Casino no longer on cards for Suffolk
SUFFOLK'S gamble to host the UK's first Las Vegas-style super-casino has been lost after its county town failed to make the shortlist.But while there was disappointment for Ipswich, Chelmsford remains in the running for a small casino after the independent Casino Advisory Panel announced its recommendations yesterday.
By Jonathan Barnes
SUFFOLK'S gamble to host the UK's first Las Vegas-style super-casino has been lost after its county town failed to make the shortlist.
But while there was disappointment for Ipswich, Chelmsford remains in the running for a small casino after the independent Casino Advisory Panel announced its recommendations yesterday.
Ipswich was one of 27 applicants bidding to host the super-casino, the only one of its kind that will be built in the UK and allowed to have up to 1,250 unlimited jackpot slot machines.
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But the advisory panel decided on a shortlist of venues that includes Blackpool, Wembley Stadium, the Millennium Dome, Cardiff, Manchester, Glasgow, Newcastle and Sheffield.
Chelmsford was named among 31 venues shortlisted for 16 smaller casinos to be built. Great Yarmouth and Thurrock were also included, while Ipswich again missed out.
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The applications were made under the terms of the new Gambling Act and final recommendations are expected before the end of the year.
The new super-casino is expected to bring a £500m boost to the economy of the successful applicant and attract more than 4,000 visitors a day.
Ipswich Borough Council said yesterday it had not yet received notification of the decision and could not comment.
But Chelmsford Borough Council, which hopes to build a small casino at the Great Leighs racecourse, said it was “very pleased” to be shortlisted.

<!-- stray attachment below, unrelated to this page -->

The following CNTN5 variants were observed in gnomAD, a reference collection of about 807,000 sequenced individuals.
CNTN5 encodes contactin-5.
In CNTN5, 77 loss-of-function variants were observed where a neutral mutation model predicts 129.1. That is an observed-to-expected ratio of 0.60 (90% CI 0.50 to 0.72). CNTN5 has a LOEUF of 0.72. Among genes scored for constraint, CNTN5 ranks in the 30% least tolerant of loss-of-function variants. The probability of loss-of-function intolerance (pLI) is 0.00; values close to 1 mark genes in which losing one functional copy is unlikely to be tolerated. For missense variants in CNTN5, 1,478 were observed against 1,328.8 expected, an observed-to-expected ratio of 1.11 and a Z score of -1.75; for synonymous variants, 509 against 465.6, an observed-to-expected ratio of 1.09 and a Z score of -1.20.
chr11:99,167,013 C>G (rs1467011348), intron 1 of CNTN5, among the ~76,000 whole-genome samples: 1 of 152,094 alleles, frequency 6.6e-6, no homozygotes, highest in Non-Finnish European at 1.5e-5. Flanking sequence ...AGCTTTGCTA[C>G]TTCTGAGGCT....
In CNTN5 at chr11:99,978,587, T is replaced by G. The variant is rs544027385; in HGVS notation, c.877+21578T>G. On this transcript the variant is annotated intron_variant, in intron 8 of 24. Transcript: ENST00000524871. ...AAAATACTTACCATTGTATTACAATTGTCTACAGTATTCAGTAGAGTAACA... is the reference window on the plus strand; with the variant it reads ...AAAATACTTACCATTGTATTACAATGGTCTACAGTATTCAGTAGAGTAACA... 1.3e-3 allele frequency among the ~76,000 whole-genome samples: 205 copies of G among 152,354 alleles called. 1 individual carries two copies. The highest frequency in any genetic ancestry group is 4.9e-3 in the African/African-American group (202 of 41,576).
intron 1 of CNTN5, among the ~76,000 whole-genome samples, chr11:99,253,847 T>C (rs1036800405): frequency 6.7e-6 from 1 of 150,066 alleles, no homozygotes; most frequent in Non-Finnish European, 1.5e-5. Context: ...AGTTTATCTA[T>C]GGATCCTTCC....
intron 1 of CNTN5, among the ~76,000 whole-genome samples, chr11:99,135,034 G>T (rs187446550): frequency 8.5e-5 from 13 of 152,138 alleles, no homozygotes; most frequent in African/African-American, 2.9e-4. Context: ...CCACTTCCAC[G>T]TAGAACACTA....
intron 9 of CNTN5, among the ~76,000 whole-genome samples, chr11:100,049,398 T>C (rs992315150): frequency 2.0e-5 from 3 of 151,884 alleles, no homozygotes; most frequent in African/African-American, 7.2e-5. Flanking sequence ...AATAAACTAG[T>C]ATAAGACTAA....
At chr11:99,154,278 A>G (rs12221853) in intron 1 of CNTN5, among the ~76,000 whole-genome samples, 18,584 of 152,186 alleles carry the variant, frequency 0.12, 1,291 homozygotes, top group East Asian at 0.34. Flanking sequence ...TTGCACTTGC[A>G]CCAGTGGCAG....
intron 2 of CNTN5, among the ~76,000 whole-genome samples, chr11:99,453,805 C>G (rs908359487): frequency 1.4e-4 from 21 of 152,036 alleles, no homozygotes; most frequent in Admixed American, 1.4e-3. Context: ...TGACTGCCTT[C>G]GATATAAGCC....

Roy Whitehead, the council's leader, said: “This reflects the quality of the bid put together by our officers.
“However, there is still an extremely long way to go, including further rigorous examination before a final decision is made.
“This will allow members of the public to express their opinions on the proposals, whether of opposition or support.
“The borough council will arrange for these consultations to take place and details of these will be announced shortly. I would like to take this opportunity to restate that we have not applied to host the huge regional super-casino. Our preference is for one small casino.”
Professor Stephen Crow, chairman of the advisory panel, said: “I know that our decisions will cause disappointment to some, not least to authorities who had looked to their casino proposal as a means of alleviating severe problems of deprivation, or even improving social conditions and meeting the need for economic regeneration.
“But the competition has been very strong, and so it is inevitable that some proposals, good enough though they may be in themselves, have to yield before more powerfully justified cases.”
The shortlist for the eight large and eight small casinos is: Bath & North East Somerset, Bournemouth, Brighton, Canterbury, Chelmsford, Dartford, Dudley, Dumfries and Galloway, East Lindsey, Great Yarmouth, Hastings, Hull, Leeds, Leicester, Luton, Mansfield, Middlesbrough, Milton Keynes, Newham, NE Lincs, Peterborough, Restormel, Scarborough, Sefton, Solihull, Southampton, South Tyneside, Swansea, Thurrock, Torbay and Wolverhampton.